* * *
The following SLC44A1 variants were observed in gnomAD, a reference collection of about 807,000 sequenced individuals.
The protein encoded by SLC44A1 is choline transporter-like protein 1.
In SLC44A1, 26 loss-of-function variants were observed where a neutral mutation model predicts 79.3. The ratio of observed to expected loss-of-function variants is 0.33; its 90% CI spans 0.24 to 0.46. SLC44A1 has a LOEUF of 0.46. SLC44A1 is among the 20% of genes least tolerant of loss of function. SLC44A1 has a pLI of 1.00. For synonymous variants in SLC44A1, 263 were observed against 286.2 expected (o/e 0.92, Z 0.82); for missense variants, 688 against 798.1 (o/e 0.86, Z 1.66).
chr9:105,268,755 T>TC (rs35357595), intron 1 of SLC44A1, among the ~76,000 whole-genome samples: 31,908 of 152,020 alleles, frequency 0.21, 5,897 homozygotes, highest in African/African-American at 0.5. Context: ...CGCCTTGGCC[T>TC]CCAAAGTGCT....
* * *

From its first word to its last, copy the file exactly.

The following SLC44A1 variants were observed in gnomAD, a reference collection of about 807,000 sequenced individuals.
The protein encoded by SLC44A1 is choline transporter-like protein 1.
In SLC44A1, 26 loss-of-function variants were observed where a neutral mutation model predicts 79.3. The ratio of observed to expected loss-of-function variants is 0.33; its 90% CI spans 0.24 to 0.46. SLC44A1 has a LOEUF of 0.46. SLC44A1 is among the 20% of genes least tolerant of loss of function. SLC44A1 has a pLI of 1.00. For synonymous variants in SLC44A1, 263 were observed against 286.2 expected (o/e 0.92, Z 0.82); for missense variants, 688 against 798.1 (o/e 0.86, Z 1.66).
chr9:105,268,755 T>TC (rs35357595), intron 1 of SLC44A1, among the ~76,000 whole-genome samples: 31,908 of 152,020 alleles, frequency 0.21, 5,897 homozygotes, highest in African/African-American at 0.5. Context: ...CGCCTTGGCC[T>TC]CCAAAGTGCT....